Macalandag's affidavit corroborated Dumaluan's claims in his complaint, according to the former mayor.

Dumaluan first talked personally to Macalandag at Camp Dagohoy on September 8 where the latter purportedly narrated voluntarily the story and revealed the names of people involved.

Dumaluan and Macalandag met again the following day as the former mayor wanted to clarify some statements made by the latter.

The former mayor said that it was after their second meeting that Ingking also went to see Macalandag at his detention cell and offered to provide him a lawyer.

Dumaluan said it was on his third visit, together with two priests, which was requested by Macalandag in their previous meeting, that guards at the police camp barred him from seeing Macalandag.

Dumaluan said he was told by the camp guards that they were just following orders of Ingking.

Ingking himself admitted in an interview over a local radio station that Dumaluan was not allowed to enter Camp Dagohoy and would be arrested if he insisted on doing so.

Acting on the request of Sen. Aquilino Pimentel Jr. for an independent investigation into the shooting and the police handling of the case, the PNP headquarters in Camp Crame sent a team from the Criminal Investigation and Detection Group (CIDG) last Tuesday.

The CIDG team interviewed Macalandag and reviewed the handling of the investigation.

Members of the team refused to be interviewed by media but said they would immediately submit their report to the CIDG chief in Camp Crame.

Youtube Replay / Need glasses? (German commercial)
« on: October 09, 2009, 03:50:56 PM » sorry guys, i just had a good laugh at this one. so please don't kick me out of tubag. ;)

Bohol Latest News / Parents of dead 2-month old girl seeks help of NBI
« on: October 01, 2009, 11:22:19 AM »
Parents of dead 2-month
old girl seeks help of NBI


Shortly after her death, 2-month old Creslyn Lamoste allegedly lost her heart at the Gov. Celestino Gallares Regional Hospital (GCGRH) during an autopsy even as the infant's parents claimed they did not allow it.

In an interview with the Chronicle, the child's father Cresencio Lamoste said they confined their daughter at the GCGRH last September 21 due to pneumonia. But she died two days later.

According to Cresencio, the attending physician she identified as a certain Dr. Nagulada allegedly informed them that the hospital will conduct an autopsy.

Knowing their child died of pneumonia, Cresencio and the child's mother Adeline Gonzales at first refused the doctor's request but eventually agreed after they were told it was the hospital's policy.

The doctor allegedly told the parents that the hospital will refuse to admit any other member of their family if they do not agree to the procedure.

Reporters of station dyRD tried to get the side of Dr. Nagulada the past two days but to no avail.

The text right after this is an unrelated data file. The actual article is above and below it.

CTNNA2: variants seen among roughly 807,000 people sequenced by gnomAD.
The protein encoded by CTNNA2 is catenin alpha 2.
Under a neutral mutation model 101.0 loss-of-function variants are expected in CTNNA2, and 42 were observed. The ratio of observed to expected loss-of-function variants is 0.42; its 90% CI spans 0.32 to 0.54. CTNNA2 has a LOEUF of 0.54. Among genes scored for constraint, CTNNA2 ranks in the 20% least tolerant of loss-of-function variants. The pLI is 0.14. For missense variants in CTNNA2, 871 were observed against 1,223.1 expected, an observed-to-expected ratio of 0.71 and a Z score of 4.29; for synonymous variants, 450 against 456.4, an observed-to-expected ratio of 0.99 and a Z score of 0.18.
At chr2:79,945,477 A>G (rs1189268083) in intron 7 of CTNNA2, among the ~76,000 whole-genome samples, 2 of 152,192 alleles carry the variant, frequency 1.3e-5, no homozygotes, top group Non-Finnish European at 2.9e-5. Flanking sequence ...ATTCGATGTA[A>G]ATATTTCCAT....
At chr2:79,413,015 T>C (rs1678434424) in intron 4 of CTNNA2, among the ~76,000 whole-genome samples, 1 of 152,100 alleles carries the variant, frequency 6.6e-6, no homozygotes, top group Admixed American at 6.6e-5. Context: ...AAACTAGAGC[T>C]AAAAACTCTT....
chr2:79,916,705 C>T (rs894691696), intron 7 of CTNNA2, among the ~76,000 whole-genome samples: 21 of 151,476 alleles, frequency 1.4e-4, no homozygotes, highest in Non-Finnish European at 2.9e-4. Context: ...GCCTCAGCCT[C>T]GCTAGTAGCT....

In a separate interview with Dr. Edgar Pizarras, information officer of GCGRH, he said the management of the hospital will verify the case and conduct an investigation.

Pizarras did not say whether it was indeed a policy at the said government hospital to conduct autopsies even when the patient's relatives did not request for such procedure.

The parents discovered that doctors at the GCGRH took the child's heart when they brought her lifeless body for embalming at the Rodan Funeral Homes in Poblacion Calape town.

The embalmer, Jelfon Dano, was the one who discovered that the organ was missing when he tried to re-stitch the opening at the chest of the infant.

Both Cresencio and Adeline were shocked and enraged to learn that the child's heart was taken by doctors without their knowledge.

The couple reported the incident at the National Bureau of Investigation (NBI) regional office in Cebu City.

They said, they just want to seek justice for what has been done to their daughter.

Dr. Pizarras said the GCGRH will issue a statement once investigation can be conducted.

Hired assassin or fall guy?

•   CIDG says documents on suspects in order


The alleged gun-for-hire tagged in the killing of the owner of Via Bohol Tourist Inn blasted police investigators yesterday claiming he is a "frame-up" victim.

As the Criminal Investigation and Detection Group (CIDG) at Camp Dagohoy prepares its nine witnesses for today's preliminary hearing at the City Prosecutor's Office, the alleged hired gunman said police operatives are just looking for fall guys to have an immediate closure on their investigation.

Via Bohol owner Victoriano Taray, 48, was gunned down by a lone suspect in the early morning of March 12, 2009 after hearing mass at the Monastery of the Holy Spirit in barangay Ubujan, this city.

Named respondents in the murder case filed by the CIDG are Aurelia Taray alias Au-au, the wife of the victim; Arnaldo Sarto alias Bogs of barangay Atchila, Ubay; and Renato Sabalande alias Rene, a resident of Poblacion Dagohoy.

Based on corroborating statements of witnesses, Sarto was the alleged triggerman contracted for the slay job by the victim's wife through Sabalande for a sum of P150,000.

All three accused are still at large while the Bohol Police Provincial Office is said to be providing tight security to the witnesses during today's hearing at the Hall of Justice, this city.


Sarto, the suspected gun-for-hire, called up the Chronicle yesterday lambasting police investigators as he denied any involvement in Taray's murder.

He said the police should dig deeper into the case and correct the injustice of pointing to him as the fall guy.